Caoimhín De Barra
Who are the Celts, and what does it mean to be Celtic? In this book, Caoimhín De Barra focuses on nationalists in Ireland and Wales between 1860 and 1925, a time period when people in these countries came to identify themselves as Celts. De Barra chooses to examine Ireland and Wales because, of the six so-called Celtic nations, these two were the furthest apart in terms of their linguistic, religious, and socioeconomic differences.
The Coming of the Celts, AD 1860 is divided into three parts. The first concentrates on the emergence of a sense of Celtic identity and the ways in which political and cultural nationalists in both countries borrowed ideas from one another in promoting this sense of identity. The second part follows the efforts to create a more formal relationship between the Celtic countries through the Pan-Celtic movement; the subsequent successes and failures of this movement in Ireland and Wales are compared and contrasted. Finally, the book discusses the public juxtaposition of Welsh and Irish nationalisms during the Irish Revolution.
De Barra’s is the first book to critique what “Celtic” has meant historically, and it will appeal to the reader who wants to learn more about the modern political and cultural connections between Ireland and Wales, as well as scholars and students in the fields of modern Irish and Welsh history. It will also be of interest to professional historians working in the field of “Four Nations” history, which places an emphasis on understanding the relationships and connections between the four nations of Britain and Ireland.
“The Coming of the Celts places the political and cultural nationalist campaigns of the Irish and Welsh into dialogue with one another, offering readers a fresh perspective on the turn of the twentieth century. De Barra significantly enhances our appreciation for the numerous cross-currents in play and provides readers with a plausible explanation for the waxing and waning of the Pan-Celtic impulse on both sides of the Irish Sea. Grounded in contemporary correspondence and press sources, this work expands our understanding of pan-nationalist invention at a seminal moment in the history of British-Irish relations.” — Timothy G. McMahon, author of Grand Opportunity: The Gaelic Revival and Irish Society, 1893–1910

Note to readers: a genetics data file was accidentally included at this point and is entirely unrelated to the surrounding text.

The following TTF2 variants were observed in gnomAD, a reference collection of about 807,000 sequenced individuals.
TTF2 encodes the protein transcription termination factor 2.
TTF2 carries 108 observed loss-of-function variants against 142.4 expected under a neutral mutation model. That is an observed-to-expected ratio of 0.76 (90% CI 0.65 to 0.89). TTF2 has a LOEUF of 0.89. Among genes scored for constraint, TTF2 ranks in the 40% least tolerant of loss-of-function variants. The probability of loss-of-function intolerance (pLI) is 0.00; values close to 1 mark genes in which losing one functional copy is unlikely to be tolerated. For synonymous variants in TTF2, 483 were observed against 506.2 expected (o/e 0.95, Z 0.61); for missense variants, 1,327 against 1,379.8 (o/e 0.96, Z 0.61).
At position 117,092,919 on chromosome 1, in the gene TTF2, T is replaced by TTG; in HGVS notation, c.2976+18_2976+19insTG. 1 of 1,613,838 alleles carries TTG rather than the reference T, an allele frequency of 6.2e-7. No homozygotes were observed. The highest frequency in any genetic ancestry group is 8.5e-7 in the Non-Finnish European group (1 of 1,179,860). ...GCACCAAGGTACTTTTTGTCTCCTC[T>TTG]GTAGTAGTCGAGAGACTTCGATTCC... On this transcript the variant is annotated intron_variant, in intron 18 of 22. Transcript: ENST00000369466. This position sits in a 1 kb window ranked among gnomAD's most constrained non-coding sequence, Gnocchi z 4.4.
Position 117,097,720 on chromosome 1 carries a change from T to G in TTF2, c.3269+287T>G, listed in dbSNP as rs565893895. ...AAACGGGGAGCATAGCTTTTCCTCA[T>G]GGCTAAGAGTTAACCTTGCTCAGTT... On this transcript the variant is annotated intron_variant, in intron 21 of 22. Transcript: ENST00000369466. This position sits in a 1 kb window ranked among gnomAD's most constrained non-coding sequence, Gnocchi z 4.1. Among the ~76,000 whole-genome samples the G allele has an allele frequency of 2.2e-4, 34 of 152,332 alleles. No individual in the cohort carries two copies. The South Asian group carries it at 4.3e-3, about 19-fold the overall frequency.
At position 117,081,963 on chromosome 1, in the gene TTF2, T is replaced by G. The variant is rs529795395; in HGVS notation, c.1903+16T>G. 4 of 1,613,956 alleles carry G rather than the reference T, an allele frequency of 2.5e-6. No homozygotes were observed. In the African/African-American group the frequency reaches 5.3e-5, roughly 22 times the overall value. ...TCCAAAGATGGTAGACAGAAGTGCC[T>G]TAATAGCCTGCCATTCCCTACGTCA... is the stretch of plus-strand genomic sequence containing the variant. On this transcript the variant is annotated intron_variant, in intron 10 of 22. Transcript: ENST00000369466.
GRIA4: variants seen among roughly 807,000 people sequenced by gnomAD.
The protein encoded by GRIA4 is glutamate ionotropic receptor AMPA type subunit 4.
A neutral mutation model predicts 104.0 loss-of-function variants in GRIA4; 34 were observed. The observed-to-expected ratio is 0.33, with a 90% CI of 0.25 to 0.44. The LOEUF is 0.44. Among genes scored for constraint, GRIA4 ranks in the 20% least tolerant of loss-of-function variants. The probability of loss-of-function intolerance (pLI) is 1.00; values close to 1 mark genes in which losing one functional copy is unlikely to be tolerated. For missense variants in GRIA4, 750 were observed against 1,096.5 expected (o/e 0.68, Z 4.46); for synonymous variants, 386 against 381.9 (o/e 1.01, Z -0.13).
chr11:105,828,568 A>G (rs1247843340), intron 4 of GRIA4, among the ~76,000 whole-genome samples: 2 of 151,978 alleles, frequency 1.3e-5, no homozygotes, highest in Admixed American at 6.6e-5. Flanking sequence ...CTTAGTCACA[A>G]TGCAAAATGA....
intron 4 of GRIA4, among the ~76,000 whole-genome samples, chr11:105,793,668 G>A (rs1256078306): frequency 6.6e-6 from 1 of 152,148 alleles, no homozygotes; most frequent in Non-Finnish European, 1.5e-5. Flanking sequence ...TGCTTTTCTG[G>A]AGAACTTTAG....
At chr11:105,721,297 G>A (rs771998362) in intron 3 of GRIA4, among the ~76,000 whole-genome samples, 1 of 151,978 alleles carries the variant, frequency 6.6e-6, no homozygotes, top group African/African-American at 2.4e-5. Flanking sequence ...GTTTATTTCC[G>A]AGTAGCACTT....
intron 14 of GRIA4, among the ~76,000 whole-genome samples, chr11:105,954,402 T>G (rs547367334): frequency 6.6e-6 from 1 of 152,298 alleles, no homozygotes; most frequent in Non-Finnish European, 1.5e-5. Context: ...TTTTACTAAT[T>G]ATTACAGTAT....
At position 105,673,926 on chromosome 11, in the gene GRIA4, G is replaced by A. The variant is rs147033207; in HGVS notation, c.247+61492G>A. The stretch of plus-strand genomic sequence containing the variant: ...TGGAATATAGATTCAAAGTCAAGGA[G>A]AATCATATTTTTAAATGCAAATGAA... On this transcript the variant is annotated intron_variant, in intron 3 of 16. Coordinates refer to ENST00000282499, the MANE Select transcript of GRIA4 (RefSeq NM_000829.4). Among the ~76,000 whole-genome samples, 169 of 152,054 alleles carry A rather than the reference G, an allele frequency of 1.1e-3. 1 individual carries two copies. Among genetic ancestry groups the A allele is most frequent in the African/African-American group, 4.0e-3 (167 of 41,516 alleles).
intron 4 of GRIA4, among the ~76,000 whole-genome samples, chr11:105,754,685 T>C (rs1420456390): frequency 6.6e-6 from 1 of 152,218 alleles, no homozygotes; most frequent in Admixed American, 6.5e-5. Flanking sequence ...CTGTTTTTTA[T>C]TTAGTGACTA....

“At the core of this deeply researched book is an original study of how Wales became part of the Irish nationalist imagination—both as inspiration and reproach—from the late nineteenth century to the creation of the Irish Free State and beyond. It sheds valuable new light on the transnational influences on Irish nationalism by exploring the interactions between nationalists in Ireland and Wales, and it uses these two historical case studies skillfully to illuminate wider debates about the role of language in modern nationalism.” — Paul O’Leary, Aberystwyth University
“Engagingly written, well researched and grounded in both Irish and Welsh language sources, this is an important and much needed study that usefully reframes the history of Irish and Welsh nationalism. Moving beyond the bilateral relationship with an English ‘Other,’ De Barra’s exploration of the ideological interconnections and limitations of Celtic identity in Ireland and Wales is compelling and insightful.” — John S. Ellis, University of Michigan-Flint